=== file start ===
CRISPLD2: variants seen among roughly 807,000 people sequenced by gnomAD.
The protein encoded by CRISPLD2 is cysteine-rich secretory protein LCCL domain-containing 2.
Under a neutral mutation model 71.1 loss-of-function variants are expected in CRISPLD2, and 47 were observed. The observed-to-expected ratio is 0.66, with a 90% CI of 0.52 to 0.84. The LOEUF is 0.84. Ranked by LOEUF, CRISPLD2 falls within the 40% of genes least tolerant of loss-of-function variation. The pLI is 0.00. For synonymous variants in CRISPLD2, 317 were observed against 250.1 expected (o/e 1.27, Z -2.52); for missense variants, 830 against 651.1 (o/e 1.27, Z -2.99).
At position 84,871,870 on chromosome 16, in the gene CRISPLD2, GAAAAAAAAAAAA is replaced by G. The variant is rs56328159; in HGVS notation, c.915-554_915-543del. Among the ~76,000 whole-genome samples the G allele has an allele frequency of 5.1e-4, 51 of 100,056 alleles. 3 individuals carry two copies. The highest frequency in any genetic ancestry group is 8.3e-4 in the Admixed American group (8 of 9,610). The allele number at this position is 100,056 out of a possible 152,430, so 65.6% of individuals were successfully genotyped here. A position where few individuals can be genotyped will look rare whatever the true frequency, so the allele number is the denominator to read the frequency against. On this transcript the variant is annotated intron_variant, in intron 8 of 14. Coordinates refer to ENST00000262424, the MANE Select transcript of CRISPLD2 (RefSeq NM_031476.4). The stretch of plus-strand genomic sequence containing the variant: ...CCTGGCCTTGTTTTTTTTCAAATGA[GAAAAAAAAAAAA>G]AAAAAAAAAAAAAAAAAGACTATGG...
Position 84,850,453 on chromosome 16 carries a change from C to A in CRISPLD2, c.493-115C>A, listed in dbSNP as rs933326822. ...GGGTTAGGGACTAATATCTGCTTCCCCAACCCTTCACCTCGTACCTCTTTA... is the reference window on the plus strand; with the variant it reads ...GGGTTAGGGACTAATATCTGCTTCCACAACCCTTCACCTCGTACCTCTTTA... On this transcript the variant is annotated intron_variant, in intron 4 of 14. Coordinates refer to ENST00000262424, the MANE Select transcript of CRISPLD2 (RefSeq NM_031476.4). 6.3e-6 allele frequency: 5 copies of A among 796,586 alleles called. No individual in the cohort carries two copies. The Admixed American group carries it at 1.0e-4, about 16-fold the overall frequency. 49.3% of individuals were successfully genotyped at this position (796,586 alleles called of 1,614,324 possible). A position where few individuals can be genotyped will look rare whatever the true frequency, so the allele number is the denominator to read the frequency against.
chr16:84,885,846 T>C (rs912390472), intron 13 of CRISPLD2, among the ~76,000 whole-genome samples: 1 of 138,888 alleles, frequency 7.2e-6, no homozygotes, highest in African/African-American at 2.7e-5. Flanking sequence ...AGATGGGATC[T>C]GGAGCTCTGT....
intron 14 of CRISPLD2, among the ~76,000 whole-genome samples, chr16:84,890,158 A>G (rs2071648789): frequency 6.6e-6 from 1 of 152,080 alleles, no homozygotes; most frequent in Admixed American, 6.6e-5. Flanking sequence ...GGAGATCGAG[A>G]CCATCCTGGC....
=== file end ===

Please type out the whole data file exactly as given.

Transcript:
CRISPLD2: variants seen among roughly 807,000 people sequenced by gnomAD.
The protein encoded by CRISPLD2 is cysteine-rich secretory protein LCCL domain-containing 2.
Under a neutral mutation model 71.1 loss-of-function variants are expected in CRISPLD2, and 47 were observed. The observed-to-expected ratio is 0.66, with a 90% CI of 0.52 to 0.84. The LOEUF is 0.84. Ranked by LOEUF, CRISPLD2 falls within the 40% of genes least tolerant of loss-of-function variation. The pLI is 0.00. For synonymous variants in CRISPLD2, 317 were observed against 250.1 expected (o/e 1.27, Z -2.52); for missense variants, 830 against 651.1 (o/e 1.27, Z -2.99).
At position 84,871,870 on chromosome 16, in the gene CRISPLD2, GAAAAAAAAAAAA is replaced by G. The variant is rs56328159; in HGVS notation, c.915-554_915-543del. Among the ~76,000 whole-genome samples the G allele has an allele frequency of 5.1e-4, 51 of 100,056 alleles. 3 individuals carry two copies. The highest frequency in any genetic ancestry group is 8.3e-4 in the Admixed American group (8 of 9,610). The allele number at this position is 100,056 out of a possible 152,430, so 65.6% of individuals were successfully genotyped here. A position where few individuals can be genotyped will look rare whatever the true frequency, so the allele number is the denominator to read the frequency against. On this transcript the variant is annotated intron_variant, in intron 8 of 14. Coordinates refer to ENST00000262424, the MANE Select transcript of CRISPLD2 (RefSeq NM_031476.4). The stretch of plus-strand genomic sequence containing the variant: ...CCTGGCCTTGTTTTTTTTCAAATGA[GAAAAAAAAAAAA>G]AAAAAAAAAAAAAAAAAGACTATGG...
Position 84,850,453 on chromosome 16 carries a change from C to A in CRISPLD2, c.493-115C>A, listed in dbSNP as rs933326822. ...GGGTTAGGGACTAATATCTGCTTCCCCAACCCTTCACCTCGTACCTCTTTA... is the reference window on the plus strand; with the variant it reads ...GGGTTAGGGACTAATATCTGCTTCCACAACCCTTCACCTCGTACCTCTTTA... On this transcript the variant is annotated intron_variant, in intron 4 of 14. Coordinates refer to ENST00000262424, the MANE Select transcript of CRISPLD2 (RefSeq NM_031476.4). 6.3e-6 allele frequency: 5 copies of A among 796,586 alleles called. No individual in the cohort carries two copies. The Admixed American group carries it at 1.0e-4, about 16-fold the overall frequency. 49.3% of individuals were successfully genotyped at this position (796,586 alleles called of 1,614,324 possible). A position where few individuals can be genotyped will look rare whatever the true frequency, so the allele number is the denominator to read the frequency against.
chr16:84,885,846 T>C (rs912390472), intron 13 of CRISPLD2, among the ~76,000 whole-genome samples: 1 of 138,888 alleles, frequency 7.2e-6, no homozygotes, highest in African/African-American at 2.7e-5. Flanking sequence ...AGATGGGATC[T>C]GGAGCTCTGT....
intron 14 of CRISPLD2, among the ~76,000 whole-genome samples, chr16:84,890,158 A>G (rs2071648789): frequency 6.6e-6 from 1 of 152,080 alleles, no homozygotes; most frequent in Admixed American, 6.6e-5. Flanking sequence ...GGAGATCGAG[A>G]CCATCCTGGC....